I started on the ejector rod & rear sight, believe it or not they were pitted too!
 I measured out the part that would stick out of the cylinder, taped up the part that wouldn't and chucked it into my drill, so I could sand it with 100 grit emory cloth in an expedient fashion
After I had 90% of the pits removed, I stepped up to higher grit paper and then the buffer
The rear sight is made of a cast or sintered metal, not very hard. 

I was able to file out most of the pits, then sanded with 220 grit paper. The front part was sand blasted to give it a non-glare sight plane and to hide the small remaining pits

Unless I find a new or better looking sight, this will have to do.

I mounted the side plate, I noticed that I will need to do some filing and sanding to get a flush fit. 
EUREKA! we were lucky enough to find a reasonably priced cylinder on ebay. I now have all the parts to begin the restoration in earnest. Stay tuned for part 3


Thursday, February 19, 2015

Featured Gun: Ranger 101.2 Shotgun

I started doing these gun stories last year, basically telling the history behind guns that I either owned or came into contact with and found their history interesting.

here is a recap of the other featured guns:
The Story of the Colt Lightning Rifle 
Ruger's 1st Double Action Revolvers
The Ruger Bearcat
The Dan Wesson Revolver 
The H&R Sportsman 999 Revolver 
The Ruger Vaquerito

The Ranger name was used by Sears and Roebuck for a long time as their trademark, "value" priced shotguns and rifles. In later years Winchester used the name as well.

This bolt action 20 gauge shotgun is a Sears Ranger model 101.2 (sounds like the name of a country music station....."listen to Ranger 101.2 FM this afternoon for your chance to win a tickets to see Toby Keith......")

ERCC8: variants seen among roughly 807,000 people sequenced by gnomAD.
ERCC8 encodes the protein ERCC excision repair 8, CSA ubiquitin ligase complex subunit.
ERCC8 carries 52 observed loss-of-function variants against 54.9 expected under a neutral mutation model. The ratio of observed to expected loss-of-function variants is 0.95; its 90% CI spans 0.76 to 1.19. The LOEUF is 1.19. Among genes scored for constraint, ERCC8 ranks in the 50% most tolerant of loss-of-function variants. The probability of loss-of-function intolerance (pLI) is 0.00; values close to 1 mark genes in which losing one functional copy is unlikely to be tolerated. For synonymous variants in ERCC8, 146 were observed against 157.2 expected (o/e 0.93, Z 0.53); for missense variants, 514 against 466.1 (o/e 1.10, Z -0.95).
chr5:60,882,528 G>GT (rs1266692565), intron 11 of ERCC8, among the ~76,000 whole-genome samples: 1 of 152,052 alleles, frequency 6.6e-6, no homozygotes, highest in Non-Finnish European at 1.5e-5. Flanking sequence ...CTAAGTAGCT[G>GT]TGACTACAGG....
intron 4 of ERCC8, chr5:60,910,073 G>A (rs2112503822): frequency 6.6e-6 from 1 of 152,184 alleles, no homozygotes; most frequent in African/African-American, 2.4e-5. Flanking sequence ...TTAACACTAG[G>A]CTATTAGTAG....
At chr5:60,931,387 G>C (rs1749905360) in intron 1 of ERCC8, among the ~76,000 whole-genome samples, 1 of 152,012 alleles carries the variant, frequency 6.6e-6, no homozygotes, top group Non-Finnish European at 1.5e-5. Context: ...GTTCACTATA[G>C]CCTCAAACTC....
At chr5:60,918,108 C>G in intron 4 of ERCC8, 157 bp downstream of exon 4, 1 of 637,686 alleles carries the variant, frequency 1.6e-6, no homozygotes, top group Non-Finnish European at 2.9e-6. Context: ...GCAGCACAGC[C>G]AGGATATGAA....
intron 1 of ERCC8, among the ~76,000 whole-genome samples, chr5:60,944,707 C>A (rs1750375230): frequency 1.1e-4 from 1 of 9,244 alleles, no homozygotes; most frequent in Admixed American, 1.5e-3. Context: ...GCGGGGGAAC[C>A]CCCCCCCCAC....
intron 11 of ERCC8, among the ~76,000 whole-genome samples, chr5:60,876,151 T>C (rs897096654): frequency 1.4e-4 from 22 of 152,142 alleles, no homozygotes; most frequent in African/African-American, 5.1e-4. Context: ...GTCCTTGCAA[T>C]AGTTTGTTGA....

Virtually all of the Sears brand labeled guns, were made by another manufacturers. This one was made by Savage/Stevens (same as the Savage model 238).

The specs:
  • Sears Ranger 101.2/Savage 238
  • 20 Gauge
  • Blued finish
  • Bolt action
  • 26" full choke barrel, brass bead sight
  • Box magazine, 2-round
  • Bolt mounted safety
 I believe the wood stock is something other than walnut.The length of pull is currently 13 1/4", which is about average, my cheek hits the comb right where my sight plane is along the top of the barrel.
These guns were made by Savage from 1936 through 1945, although I bet few if any were actually made from 1942-1945 due to resources being diverted for the war effort. My sources tell me some 40,000 of these guns were produced, I don't know how many of those were brand labeled for Sears or if those production numbers were tallied separately.

Most likely this gun was made prior to World War II, and the steel parts (trigger guard, butt plate) support that theory.